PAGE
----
Movie Boy has played football on the city league for the past three years. He started off barely understanding the game, and has improved his skills so that now he is playing first string defense.
He has a great team this year with great coaches. Honestly, if his teachers would employ some of the coaches teaching methods in the classroom, Movie Boy would probably do better in school. If they want a kid to “hear” them, they put their hands on his shoulders and talk to his face. If they want everyone in a crowd to get the message, they talk loudly, clearly, and in short, specific sentences. If they want to correct something, they have the kid repeat until they get it right, and then offer lots of positive enforcement.
Unfortunately, there is a weight limit in the city league, and so as a 98th percentile kid, he just barely made the weight this year. He is 5’4″ and weighed in at 145.0, which JUST made the 145 weight limit. Since he’s getting taller by the second, he’s going to size out of this league long before he ages out of it.
The other option for playing football is to play with the school team. We had heard this was fairly competitive, so we didn’t even try this option last year. We don’t see him leaving his current team to play for the middle school team, but we decided we’d give the tryout process a try. Not so that he could make the team, which we knew was a long shot, but because we want him to understand the process so that next year if this is his only option, he has an understanding of what it takes to make the team.
So on Monday, we went out to the middle school. Movie Boy and about 75 other boys were going for 35 places on the team. And while my boy is one of the biggest in the weight-restricted city league, he was a pretty average sized player in the sea of potential middle school players. One eighth grader there had to be 6′ tall, with size 14 shoes.
And a lot of them really, really wanted a place on that team.
Movie Boy held his own. In laps, he finished in the middle of the pack. He dutifully performed all the drills. He was neither an obvious cut nor an obvious stand out.
And there were a lot of stand outs.
So this morning, we called to see if he made the first cut. And he didn’t. And I have to admit that I was a little sad, because, I think, it is just natural for you to want your kids to succeed at whatever they do. And I have that little voice in my head that says he was never going to make the team no matter how well he did, because the PE staff know he has a disability. And that’s the tough thing with a kid like Movie Boy, not knowing if he’s been discriminated against or if he just didn’t make the cut. I watched the tryouts and I’m pretty sure that there were just 35 kids out there who were better than him, but the little voice is still there.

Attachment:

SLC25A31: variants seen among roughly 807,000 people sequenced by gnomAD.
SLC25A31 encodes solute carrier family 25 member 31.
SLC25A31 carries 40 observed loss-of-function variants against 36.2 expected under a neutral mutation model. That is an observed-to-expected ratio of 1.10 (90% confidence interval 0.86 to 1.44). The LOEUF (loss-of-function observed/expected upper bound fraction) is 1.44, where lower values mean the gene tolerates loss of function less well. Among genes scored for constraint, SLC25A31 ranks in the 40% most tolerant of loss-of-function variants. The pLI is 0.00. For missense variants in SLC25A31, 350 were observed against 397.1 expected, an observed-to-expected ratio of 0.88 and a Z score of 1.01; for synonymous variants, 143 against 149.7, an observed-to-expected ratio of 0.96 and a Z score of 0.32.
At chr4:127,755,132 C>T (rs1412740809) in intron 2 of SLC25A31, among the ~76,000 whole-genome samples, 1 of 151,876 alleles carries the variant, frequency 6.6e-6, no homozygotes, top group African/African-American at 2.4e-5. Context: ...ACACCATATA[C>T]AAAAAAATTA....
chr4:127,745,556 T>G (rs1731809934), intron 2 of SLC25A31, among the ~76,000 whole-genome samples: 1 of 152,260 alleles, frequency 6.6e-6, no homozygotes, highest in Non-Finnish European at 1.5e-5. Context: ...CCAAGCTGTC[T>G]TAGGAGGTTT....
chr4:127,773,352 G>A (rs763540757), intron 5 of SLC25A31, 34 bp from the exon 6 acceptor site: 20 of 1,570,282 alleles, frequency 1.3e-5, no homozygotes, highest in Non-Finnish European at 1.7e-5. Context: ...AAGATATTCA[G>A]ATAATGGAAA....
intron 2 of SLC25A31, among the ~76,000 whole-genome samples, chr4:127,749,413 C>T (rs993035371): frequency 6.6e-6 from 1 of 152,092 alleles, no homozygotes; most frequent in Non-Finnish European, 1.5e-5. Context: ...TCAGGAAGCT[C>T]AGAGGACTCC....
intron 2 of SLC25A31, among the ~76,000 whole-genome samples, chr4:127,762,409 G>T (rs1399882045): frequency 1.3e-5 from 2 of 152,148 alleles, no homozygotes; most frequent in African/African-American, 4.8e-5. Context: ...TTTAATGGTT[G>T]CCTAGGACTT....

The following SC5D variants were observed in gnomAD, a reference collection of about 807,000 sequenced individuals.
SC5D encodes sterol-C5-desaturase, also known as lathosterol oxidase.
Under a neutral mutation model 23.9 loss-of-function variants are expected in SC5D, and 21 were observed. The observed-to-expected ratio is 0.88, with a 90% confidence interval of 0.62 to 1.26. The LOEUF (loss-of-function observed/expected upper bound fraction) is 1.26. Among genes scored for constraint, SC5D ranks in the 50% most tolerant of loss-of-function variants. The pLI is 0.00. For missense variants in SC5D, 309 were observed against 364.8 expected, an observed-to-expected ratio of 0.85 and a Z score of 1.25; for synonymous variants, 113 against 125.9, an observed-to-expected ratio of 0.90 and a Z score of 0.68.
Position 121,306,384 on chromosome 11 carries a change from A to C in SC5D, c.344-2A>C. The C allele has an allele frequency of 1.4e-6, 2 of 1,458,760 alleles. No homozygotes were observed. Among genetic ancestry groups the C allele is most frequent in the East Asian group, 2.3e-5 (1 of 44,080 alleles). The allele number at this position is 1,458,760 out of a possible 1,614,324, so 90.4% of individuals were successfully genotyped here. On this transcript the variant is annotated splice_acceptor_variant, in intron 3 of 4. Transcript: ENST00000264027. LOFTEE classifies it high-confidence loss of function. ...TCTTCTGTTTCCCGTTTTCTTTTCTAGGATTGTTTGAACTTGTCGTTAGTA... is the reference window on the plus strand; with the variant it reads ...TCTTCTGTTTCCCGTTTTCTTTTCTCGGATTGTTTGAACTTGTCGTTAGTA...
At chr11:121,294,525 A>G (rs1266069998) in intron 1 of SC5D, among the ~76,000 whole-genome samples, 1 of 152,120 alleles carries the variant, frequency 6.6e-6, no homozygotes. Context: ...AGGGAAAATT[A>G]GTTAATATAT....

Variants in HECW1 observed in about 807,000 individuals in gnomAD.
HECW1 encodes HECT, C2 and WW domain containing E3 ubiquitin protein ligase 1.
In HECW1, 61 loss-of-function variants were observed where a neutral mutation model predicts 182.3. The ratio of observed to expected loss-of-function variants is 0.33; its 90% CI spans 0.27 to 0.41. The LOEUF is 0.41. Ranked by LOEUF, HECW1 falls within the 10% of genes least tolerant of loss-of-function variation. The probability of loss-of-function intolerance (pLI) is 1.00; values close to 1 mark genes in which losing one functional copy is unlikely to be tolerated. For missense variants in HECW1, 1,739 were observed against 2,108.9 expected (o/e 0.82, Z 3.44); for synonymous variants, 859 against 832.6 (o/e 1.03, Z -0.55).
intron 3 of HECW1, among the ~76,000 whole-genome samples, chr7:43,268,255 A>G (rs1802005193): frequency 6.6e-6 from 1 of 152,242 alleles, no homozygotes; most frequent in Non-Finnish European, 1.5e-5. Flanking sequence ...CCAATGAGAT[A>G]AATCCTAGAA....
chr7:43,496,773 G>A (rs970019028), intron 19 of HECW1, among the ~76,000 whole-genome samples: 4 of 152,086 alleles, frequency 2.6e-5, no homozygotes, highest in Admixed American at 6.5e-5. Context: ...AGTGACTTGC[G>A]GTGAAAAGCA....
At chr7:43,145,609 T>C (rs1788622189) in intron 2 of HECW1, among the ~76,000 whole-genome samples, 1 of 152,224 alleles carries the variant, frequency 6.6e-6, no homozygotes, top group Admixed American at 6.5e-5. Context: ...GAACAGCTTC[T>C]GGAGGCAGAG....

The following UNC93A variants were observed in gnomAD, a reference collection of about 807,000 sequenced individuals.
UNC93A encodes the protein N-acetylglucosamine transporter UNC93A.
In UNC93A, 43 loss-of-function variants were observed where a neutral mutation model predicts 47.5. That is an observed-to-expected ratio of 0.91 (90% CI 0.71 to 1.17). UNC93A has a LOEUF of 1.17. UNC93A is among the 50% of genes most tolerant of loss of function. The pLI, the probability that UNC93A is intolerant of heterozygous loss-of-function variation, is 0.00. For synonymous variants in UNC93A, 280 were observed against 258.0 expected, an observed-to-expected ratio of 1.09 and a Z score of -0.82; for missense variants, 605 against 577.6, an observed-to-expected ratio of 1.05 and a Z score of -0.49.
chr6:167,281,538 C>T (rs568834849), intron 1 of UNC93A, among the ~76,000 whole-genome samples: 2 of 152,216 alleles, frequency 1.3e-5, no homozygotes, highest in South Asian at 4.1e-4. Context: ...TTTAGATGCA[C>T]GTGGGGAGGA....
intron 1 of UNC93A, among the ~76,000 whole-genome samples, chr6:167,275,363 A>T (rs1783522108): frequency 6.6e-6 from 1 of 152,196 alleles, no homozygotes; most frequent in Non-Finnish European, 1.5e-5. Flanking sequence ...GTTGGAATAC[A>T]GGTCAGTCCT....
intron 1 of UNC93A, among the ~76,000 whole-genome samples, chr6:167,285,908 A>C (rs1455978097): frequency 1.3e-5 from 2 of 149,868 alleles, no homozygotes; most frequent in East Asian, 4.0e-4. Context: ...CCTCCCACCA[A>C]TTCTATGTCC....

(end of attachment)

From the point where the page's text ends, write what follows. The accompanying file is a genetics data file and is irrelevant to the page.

I think also, in an process such as this, he is competing not in an accommodated environment but on the same playing field (no pun intended) as his peers. I think it is a testament to his accommodations and education thus far that he did as well as he did. When he was 3, we went out for soccer and he spent the whole time alternating between wandering around the field and stimming on his water bottle. If you had asked me then if I thought he would ever play football, much less try out for a competitive team, I probably would have cried.
Deep down, I think I would have loved to see him make the first cut because it would have been tangible evidence that he could hold his own with his neurotypical peers. Which is not fair of me. Loading so much on a simple middle school sport tryout. I don’t know. And hanging in for the tryouts and doing his best — that is an accomplishment for any kid. I am trying to think of this in terms of how I would feel if Ben Ten had been cut — Ben Ten being my neurotypical child — and not overload this event with too much scrambled baggage. Just take it for what it is — an experience in a long string of experiences.
In the meantime, Movie Boy is just fine with being cut. His friend Paul, who also tried out, was also cut. He didn’t really want to go back without his friend. He is happy on his city league team. He knew we were doing tryouts for the experience and not for a spot on the team. He would rather go to the beach today than show up for another day of tryouts. And so that is what we are doing.